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Education Boosting Chromebook Shipments to 5.2 Million Units This Year
Chromebook sales will reach 5.2 million shipments this year, largely on the strength of the education market, according to a new report from market research firm Gartner. That's a 79 percent increase over 2013 sales, and the company predicts the devices will continue to experience impressive through 2017, when it forecasts 14.4 million shipments.
Education is far and away the driving force behind Chromebook sales, accounting for 85 percent of shipments in 2013, according to Gartner, and the United States, where 2.9 million of the devices were sold last year, makes up the bulk of the global market.
"While Chromebooks are primarily used by the education sector," according to a news release, "they will also have a place in businesses for specific workers, such as staff in banking, financial services, estate agents and hotel receptionists."
"So far, businesses have looked at Chromebooks, but not bought many," said Isabelle Durand, principal analyst at Gartner, in a prepared statement. "By adopting Chromebooks and cloud computing, businesses can benefit; they can shift their focus from managing devices to managing something much more important — their data."
The devices, which encourage sharing and collaboration according to Gartner, may become more appealing as users move to the cloud and collaborative working practices become more common.
Samsung and Acer, the two companies that were the first to enter the market in 2011, continued to dominate in 2013. Samsung captured 64.9 percent of the market with 1.7 million units shipped. "It was especially dominant in the education market, having the most popular devices in primary and secondary schools," according to information released by Gartner.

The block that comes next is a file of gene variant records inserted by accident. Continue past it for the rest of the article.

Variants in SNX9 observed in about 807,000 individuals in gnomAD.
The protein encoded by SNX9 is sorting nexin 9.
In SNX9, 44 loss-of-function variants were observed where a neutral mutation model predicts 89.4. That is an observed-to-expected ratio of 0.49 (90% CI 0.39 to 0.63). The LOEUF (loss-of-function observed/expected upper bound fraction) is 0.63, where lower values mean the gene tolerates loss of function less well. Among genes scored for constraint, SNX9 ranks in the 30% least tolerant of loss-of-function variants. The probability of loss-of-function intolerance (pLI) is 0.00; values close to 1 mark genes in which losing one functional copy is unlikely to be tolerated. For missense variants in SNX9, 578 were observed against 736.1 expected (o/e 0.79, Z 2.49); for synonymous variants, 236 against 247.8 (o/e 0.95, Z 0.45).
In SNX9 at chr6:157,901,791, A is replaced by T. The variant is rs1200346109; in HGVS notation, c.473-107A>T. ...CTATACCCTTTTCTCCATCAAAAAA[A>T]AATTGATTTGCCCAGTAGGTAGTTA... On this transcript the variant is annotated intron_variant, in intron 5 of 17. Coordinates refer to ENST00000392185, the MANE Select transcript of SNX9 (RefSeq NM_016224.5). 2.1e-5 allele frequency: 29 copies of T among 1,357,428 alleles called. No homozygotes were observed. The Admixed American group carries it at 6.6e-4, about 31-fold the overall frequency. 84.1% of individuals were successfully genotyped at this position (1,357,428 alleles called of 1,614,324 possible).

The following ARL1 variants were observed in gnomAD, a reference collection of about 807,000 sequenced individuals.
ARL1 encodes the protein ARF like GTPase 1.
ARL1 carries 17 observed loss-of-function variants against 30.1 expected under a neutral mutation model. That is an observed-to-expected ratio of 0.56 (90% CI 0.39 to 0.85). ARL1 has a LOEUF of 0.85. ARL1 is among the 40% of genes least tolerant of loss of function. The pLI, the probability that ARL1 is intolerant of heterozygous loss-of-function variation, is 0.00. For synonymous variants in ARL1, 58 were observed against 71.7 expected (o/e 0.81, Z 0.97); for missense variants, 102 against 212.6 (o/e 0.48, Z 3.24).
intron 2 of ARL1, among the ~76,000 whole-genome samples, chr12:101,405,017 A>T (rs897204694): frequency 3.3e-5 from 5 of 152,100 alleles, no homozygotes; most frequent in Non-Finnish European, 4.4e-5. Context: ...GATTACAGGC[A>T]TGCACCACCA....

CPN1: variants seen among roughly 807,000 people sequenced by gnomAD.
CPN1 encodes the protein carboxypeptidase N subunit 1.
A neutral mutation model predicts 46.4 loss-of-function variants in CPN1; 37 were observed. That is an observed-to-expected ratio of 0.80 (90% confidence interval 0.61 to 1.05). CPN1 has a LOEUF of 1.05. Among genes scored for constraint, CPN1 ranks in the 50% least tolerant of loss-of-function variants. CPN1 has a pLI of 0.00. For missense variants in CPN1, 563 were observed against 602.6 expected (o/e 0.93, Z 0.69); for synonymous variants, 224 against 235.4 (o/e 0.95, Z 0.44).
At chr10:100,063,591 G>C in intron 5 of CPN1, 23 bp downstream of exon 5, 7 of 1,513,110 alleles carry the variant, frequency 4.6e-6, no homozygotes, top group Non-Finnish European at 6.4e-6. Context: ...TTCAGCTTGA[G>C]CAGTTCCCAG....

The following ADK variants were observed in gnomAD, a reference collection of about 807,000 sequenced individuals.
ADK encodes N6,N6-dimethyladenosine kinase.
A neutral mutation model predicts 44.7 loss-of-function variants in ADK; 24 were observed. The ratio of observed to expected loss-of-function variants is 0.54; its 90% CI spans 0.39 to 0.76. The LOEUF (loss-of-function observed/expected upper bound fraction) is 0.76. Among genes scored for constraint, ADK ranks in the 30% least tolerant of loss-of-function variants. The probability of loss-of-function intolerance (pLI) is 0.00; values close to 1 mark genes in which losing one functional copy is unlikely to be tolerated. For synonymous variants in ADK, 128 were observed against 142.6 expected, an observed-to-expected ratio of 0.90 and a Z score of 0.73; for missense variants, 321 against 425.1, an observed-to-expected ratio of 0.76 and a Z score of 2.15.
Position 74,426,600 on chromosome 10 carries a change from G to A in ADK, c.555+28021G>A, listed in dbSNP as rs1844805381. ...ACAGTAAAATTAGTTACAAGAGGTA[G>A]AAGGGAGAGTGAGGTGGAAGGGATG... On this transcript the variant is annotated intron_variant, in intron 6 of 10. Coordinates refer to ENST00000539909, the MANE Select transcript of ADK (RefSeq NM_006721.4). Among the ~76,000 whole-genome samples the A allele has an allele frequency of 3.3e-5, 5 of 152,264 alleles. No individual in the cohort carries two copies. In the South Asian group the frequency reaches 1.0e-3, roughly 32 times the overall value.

Samsung led the Chromebook market with a 64 percent share.
Acer took 21.4 percent of the market by concentrating on producing less expensive devices for price-sensitive consumers.
HP, selling the only Chromebook with a 14-inch screen, held a 6.8 percent market share for third place. With a "large installed customer base in the business and education markets," the company should have an advantage in the market in the near future, according to Gartner.
Lenovo was barely edged out of the top three, with a 6.7 percent market share. The company sells comparatively rugged Chromebooks, making them appealing to schools.
Dell rounded out the top five Chromebook vendors in 2013, with a .3 percent market share.
"Chromebooks will remain a niche market during the next five years," according to a news release. "To reach a wider audience, vendors need to offer better features that address cloud-based usage patterns: faster connectivity, faster memory access, faster and larger solid-state drives and strong user support in the education, business and consumer segments."
"Making a competitive Chromebook is not just a matter of hardware and price; what is most important is to show how the device's cloud-based architecture provides genuine advantages to users," added Durand.
Joshua Bolkan is the multimedia editor for Campus Technology and THE Journal. He can be reached at firstname.lastname@example.org.